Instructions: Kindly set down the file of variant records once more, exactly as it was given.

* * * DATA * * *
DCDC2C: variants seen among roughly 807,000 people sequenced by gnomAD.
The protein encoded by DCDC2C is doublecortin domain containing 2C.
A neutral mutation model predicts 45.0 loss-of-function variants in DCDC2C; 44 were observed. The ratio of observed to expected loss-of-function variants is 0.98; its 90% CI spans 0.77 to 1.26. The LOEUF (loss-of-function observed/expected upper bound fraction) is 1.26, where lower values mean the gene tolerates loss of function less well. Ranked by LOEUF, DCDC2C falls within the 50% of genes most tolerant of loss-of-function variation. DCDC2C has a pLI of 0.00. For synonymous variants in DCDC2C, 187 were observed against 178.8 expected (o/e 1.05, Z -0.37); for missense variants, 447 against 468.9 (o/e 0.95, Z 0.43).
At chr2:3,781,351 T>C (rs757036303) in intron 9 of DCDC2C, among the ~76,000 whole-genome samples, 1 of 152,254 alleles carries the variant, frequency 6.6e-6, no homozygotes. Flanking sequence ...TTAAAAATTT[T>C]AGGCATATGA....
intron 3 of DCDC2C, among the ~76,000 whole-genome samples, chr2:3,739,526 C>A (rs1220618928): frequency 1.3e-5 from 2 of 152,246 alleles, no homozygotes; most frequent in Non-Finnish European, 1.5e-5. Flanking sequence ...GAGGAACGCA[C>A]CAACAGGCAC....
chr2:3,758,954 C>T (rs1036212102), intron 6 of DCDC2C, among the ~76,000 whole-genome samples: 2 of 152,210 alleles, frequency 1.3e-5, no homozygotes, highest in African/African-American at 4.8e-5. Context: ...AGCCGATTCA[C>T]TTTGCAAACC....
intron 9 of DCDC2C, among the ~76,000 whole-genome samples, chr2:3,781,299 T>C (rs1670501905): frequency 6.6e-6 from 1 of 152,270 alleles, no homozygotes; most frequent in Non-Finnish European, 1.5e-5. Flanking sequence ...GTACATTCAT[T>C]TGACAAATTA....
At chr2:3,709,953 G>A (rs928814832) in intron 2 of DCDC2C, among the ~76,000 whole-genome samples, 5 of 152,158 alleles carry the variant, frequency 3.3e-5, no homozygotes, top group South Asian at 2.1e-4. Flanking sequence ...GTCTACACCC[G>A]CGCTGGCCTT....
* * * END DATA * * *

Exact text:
DCDC2C: variants seen among roughly 807,000 people sequenced by gnomAD.
The protein encoded by DCDC2C is doublecortin domain containing 2C.
A neutral mutation model predicts 45.0 loss-of-function variants in DCDC2C; 44 were observed. The ratio of observed to expected loss-of-function variants is 0.98; its 90% CI spans 0.77 to 1.26. The LOEUF (loss-of-function observed/expected upper bound fraction) is 1.26, where lower values mean the gene tolerates loss of function less well. Ranked by LOEUF, DCDC2C falls within the 50% of genes most tolerant of loss-of-function variation. DCDC2C has a pLI of 0.00. For synonymous variants in DCDC2C, 187 were observed against 178.8 expected (o/e 1.05, Z -0.37); for missense variants, 447 against 468.9 (o/e 0.95, Z 0.43).
At chr2:3,781,351 T>C (rs757036303) in intron 9 of DCDC2C, among the ~76,000 whole-genome samples, 1 of 152,254 alleles carries the variant, frequency 6.6e-6, no homozygotes. Flanking sequence ...TTAAAAATTT[T>C]AGGCATATGA....
intron 3 of DCDC2C, among the ~76,000 whole-genome samples, chr2:3,739,526 C>A (rs1220618928): frequency 1.3e-5 from 2 of 152,246 alleles, no homozygotes; most frequent in Non-Finnish European, 1.5e-5. Flanking sequence ...GAGGAACGCA[C>A]CAACAGGCAC....
chr2:3,758,954 C>T (rs1036212102), intron 6 of DCDC2C, among the ~76,000 whole-genome samples: 2 of 152,210 alleles, frequency 1.3e-5, no homozygotes, highest in African/African-American at 4.8e-5. Context: ...AGCCGATTCA[C>T]TTTGCAAACC....
intron 9 of DCDC2C, among the ~76,000 whole-genome samples, chr2:3,781,299 T>C (rs1670501905): frequency 6.6e-6 from 1 of 152,270 alleles, no homozygotes; most frequent in Non-Finnish European, 1.5e-5. Flanking sequence ...GTACATTCAT[T>C]TGACAAATTA....
At chr2:3,709,953 G>A (rs928814832) in intron 2 of DCDC2C, among the ~76,000 whole-genome samples, 5 of 152,158 alleles carry the variant, frequency 3.3e-5, no homozygotes, top group South Asian at 2.1e-4. Flanking sequence ...GTCTACACCC[G>A]CGCTGGCCTT....